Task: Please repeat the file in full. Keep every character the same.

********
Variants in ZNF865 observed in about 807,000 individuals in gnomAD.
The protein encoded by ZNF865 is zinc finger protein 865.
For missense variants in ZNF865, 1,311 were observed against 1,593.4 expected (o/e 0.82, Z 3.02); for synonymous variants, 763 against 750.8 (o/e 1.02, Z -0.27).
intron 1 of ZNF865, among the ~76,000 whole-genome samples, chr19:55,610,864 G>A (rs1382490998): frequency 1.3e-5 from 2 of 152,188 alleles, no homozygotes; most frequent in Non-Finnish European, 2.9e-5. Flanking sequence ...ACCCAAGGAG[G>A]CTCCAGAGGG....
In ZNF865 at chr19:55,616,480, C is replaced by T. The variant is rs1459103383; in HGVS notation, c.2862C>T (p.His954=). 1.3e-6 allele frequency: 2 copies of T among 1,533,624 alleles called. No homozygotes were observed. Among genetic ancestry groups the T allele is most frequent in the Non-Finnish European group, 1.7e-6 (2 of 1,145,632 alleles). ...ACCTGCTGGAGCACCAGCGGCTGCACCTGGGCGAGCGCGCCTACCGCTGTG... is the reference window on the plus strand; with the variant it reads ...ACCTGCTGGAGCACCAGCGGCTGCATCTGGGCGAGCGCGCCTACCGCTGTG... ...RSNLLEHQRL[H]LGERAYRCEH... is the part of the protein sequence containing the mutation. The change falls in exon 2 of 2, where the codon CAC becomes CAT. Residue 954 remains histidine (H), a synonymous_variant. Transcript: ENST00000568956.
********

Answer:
Variants in ZNF865 observed in about 807,000 individuals in gnomAD.
The protein encoded by ZNF865 is zinc finger protein 865.
For missense variants in ZNF865, 1,311 were observed against 1,593.4 expected (o/e 0.82, Z 3.02); for synonymous variants, 763 against 750.8 (o/e 1.02, Z -0.27).
intron 1 of ZNF865, among the ~76,000 whole-genome samples, chr19:55,610,864 G>A (rs1382490998): frequency 1.3e-5 from 2 of 152,188 alleles, no homozygotes; most frequent in Non-Finnish European, 2.9e-5. Flanking sequence ...ACCCAAGGAG[G>A]CTCCAGAGGG....
In ZNF865 at chr19:55,616,480, C is replaced by T. The variant is rs1459103383; in HGVS notation, c.2862C>T (p.His954=). 1.3e-6 allele frequency: 2 copies of T among 1,533,624 alleles called. No homozygotes were observed. Among genetic ancestry groups the T allele is most frequent in the Non-Finnish European group, 1.7e-6 (2 of 1,145,632 alleles). ...ACCTGCTGGAGCACCAGCGGCTGCACCTGGGCGAGCGCGCCTACCGCTGTG... is the reference window on the plus strand; with the variant it reads ...ACCTGCTGGAGCACCAGCGGCTGCATCTGGGCGAGCGCGCCTACCGCTGTG... ...RSNLLEHQRL[H]LGERAYRCEH... is the part of the protein sequence containing the mutation. The change falls in exon 2 of 2, where the codon CAC becomes CAT. Residue 954 remains histidine (H), a synonymous_variant. Transcript: ENST00000568956.